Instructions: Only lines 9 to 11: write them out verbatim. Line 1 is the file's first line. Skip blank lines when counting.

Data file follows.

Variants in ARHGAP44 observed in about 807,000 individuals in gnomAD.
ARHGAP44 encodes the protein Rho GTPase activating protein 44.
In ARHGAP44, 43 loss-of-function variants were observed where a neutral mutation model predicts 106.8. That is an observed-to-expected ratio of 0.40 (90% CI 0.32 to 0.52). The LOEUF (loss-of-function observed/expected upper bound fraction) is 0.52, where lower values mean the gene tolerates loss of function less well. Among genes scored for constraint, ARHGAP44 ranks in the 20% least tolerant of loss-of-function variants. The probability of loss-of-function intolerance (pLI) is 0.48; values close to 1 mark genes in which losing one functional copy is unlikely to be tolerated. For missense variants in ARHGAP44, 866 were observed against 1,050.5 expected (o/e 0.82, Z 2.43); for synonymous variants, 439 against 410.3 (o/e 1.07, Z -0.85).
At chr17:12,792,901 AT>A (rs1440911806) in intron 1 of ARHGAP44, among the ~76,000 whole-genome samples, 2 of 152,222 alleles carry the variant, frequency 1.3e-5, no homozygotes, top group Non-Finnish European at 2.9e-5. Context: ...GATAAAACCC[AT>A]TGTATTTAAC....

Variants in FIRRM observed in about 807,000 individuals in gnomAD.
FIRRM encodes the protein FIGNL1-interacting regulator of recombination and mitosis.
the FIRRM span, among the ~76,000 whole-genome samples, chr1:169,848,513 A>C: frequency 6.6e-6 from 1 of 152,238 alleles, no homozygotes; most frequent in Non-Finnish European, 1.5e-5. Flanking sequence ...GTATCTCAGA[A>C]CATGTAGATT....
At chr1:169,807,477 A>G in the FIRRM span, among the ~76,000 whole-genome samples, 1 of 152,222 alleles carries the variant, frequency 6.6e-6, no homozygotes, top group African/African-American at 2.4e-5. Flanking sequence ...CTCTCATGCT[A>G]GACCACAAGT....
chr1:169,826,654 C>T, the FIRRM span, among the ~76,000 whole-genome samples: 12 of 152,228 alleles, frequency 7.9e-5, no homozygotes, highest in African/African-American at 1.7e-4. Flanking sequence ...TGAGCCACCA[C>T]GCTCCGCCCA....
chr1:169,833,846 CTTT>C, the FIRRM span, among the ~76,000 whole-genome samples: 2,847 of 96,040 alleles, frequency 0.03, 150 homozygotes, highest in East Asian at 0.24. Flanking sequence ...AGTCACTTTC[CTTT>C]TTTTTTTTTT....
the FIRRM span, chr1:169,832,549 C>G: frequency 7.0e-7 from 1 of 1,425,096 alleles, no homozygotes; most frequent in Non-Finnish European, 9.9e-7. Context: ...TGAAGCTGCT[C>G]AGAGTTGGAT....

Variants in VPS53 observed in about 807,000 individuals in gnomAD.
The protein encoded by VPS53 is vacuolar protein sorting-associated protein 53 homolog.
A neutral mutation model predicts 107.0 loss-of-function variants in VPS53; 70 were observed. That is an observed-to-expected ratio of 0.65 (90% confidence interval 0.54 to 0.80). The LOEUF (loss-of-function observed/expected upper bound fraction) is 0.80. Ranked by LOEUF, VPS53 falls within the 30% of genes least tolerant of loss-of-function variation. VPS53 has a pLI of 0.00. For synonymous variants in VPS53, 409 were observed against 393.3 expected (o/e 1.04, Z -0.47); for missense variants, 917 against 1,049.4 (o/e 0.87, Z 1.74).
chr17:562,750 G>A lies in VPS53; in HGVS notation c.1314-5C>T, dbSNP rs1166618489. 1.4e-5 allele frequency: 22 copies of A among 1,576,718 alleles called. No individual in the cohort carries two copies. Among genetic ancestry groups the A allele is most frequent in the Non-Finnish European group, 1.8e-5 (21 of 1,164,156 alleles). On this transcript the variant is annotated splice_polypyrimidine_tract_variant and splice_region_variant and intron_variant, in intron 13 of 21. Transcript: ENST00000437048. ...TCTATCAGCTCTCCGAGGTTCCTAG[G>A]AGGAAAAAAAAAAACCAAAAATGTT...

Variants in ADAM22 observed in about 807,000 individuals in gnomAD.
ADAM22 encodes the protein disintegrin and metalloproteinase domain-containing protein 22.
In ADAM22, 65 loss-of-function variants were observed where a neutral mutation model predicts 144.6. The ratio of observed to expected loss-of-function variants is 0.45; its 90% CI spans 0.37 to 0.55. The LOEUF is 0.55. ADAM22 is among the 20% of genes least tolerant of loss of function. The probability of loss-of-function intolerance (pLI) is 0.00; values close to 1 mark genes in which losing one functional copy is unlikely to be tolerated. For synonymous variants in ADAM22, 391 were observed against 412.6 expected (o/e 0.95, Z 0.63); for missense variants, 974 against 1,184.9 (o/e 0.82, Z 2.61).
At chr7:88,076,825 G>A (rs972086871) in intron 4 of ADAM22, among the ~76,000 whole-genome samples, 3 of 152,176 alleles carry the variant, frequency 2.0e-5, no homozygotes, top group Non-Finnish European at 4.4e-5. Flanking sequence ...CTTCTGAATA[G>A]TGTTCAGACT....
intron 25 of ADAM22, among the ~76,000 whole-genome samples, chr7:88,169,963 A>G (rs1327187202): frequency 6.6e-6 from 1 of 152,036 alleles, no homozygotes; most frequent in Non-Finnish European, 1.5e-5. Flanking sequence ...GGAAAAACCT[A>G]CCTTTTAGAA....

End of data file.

chr1:169,826,654 C>T, the FIRRM span, among the ~76,000 whole-genome samples: 12 of 152,228 alleles, frequency 7.9e-5, no homozygotes, highest in African/African-American at 1.7e-4. Flanking sequence ...TGAGCCACCA[C>T]GCTCCGCCCA....
chr1:169,833,846 CTTT>C, the FIRRM span, among the ~76,000 whole-genome samples: 2,847 of 96,040 alleles, frequency 0.03, 150 homozygotes, highest in East Asian at 0.24. Flanking sequence ...AGTCACTTTC[CTTT>C]TTTTTTTTTT....
the FIRRM span, chr1:169,832,549 C>G: frequency 7.0e-7 from 1 of 1,425,096 alleles, no homozygotes; most frequent in Non-Finnish European, 9.9e-7. Context: ...TGAAGCTGCT[C>G]AGAGTTGGAT....